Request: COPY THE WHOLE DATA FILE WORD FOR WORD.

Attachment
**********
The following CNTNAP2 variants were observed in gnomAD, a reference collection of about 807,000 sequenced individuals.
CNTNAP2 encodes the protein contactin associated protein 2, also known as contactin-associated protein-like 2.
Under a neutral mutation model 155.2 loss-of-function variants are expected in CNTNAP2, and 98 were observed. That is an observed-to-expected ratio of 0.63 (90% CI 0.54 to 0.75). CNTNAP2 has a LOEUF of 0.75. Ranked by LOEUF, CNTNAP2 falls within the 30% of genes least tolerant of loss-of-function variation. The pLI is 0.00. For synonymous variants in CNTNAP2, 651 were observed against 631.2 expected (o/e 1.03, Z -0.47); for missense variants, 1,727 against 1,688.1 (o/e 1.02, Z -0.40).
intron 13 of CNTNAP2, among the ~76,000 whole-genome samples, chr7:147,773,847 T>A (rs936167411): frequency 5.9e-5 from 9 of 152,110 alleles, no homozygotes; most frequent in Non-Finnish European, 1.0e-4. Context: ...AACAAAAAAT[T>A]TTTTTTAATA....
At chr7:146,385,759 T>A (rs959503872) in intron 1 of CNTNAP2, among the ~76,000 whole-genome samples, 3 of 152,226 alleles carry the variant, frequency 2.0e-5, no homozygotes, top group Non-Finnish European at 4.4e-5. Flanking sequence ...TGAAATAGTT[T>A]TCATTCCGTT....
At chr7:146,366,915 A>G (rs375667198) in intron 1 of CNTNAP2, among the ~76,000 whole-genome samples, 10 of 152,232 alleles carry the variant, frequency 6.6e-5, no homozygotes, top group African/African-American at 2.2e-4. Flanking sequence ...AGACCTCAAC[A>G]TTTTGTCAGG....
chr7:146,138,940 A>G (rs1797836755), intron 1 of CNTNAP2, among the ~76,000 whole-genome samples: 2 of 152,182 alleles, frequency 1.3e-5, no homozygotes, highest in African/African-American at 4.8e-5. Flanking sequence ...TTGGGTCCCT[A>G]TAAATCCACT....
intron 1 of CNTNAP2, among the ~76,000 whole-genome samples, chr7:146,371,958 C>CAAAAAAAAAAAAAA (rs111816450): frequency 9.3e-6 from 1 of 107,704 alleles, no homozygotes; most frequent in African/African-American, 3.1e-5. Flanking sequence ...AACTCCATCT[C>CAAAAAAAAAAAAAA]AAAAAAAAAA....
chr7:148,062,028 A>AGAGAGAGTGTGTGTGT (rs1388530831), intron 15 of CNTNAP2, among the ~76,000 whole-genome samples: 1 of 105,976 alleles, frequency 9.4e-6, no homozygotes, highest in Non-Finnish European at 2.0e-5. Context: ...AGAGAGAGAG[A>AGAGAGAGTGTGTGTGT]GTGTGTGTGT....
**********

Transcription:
The following CNTNAP2 variants were observed in gnomAD, a reference collection of about 807,000 sequenced individuals.
CNTNAP2 encodes the protein contactin associated protein 2, also known as contactin-associated protein-like 2.
Under a neutral mutation model 155.2 loss-of-function variants are expected in CNTNAP2, and 98 were observed. That is an observed-to-expected ratio of 0.63 (90% CI 0.54 to 0.75). CNTNAP2 has a LOEUF of 0.75. Ranked by LOEUF, CNTNAP2 falls within the 30% of genes least tolerant of loss-of-function variation. The pLI is 0.00. For synonymous variants in CNTNAP2, 651 were observed against 631.2 expected (o/e 1.03, Z -0.47); for missense variants, 1,727 against 1,688.1 (o/e 1.02, Z -0.40).
intron 13 of CNTNAP2, among the ~76,000 whole-genome samples, chr7:147,773,847 T>A (rs936167411): frequency 5.9e-5 from 9 of 152,110 alleles, no homozygotes; most frequent in Non-Finnish European, 1.0e-4. Context: ...AACAAAAAAT[T>A]TTTTTTAATA....
At chr7:146,385,759 T>A (rs959503872) in intron 1 of CNTNAP2, among the ~76,000 whole-genome samples, 3 of 152,226 alleles carry the variant, frequency 2.0e-5, no homozygotes, top group Non-Finnish European at 4.4e-5. Flanking sequence ...TGAAATAGTT[T>A]TCATTCCGTT....
At chr7:146,366,915 A>G (rs375667198) in intron 1 of CNTNAP2, among the ~76,000 whole-genome samples, 10 of 152,232 alleles carry the variant, frequency 6.6e-5, no homozygotes, top group African/African-American at 2.2e-4. Flanking sequence ...AGACCTCAAC[A>G]TTTTGTCAGG....
chr7:146,138,940 A>G (rs1797836755), intron 1 of CNTNAP2, among the ~76,000 whole-genome samples: 2 of 152,182 alleles, frequency 1.3e-5, no homozygotes, highest in African/African-American at 4.8e-5. Flanking sequence ...TTGGGTCCCT[A>G]TAAATCCACT....
intron 1 of CNTNAP2, among the ~76,000 whole-genome samples, chr7:146,371,958 C>CAAAAAAAAAAAAAA (rs111816450): frequency 9.3e-6 from 1 of 107,704 alleles, no homozygotes; most frequent in African/African-American, 3.1e-5. Flanking sequence ...AACTCCATCT[C>CAAAAAAAAAAAAAA]AAAAAAAAAA....
chr7:148,062,028 A>AGAGAGAGTGTGTGTGT (rs1388530831), intron 15 of CNTNAP2, among the ~76,000 whole-genome samples: 1 of 105,976 alleles, frequency 9.4e-6, no homozygotes, highest in Non-Finnish European at 2.0e-5. Context: ...AGAGAGAGAG[A>AGAGAGAGTGTGTGTGT]GTGTGTGTGT....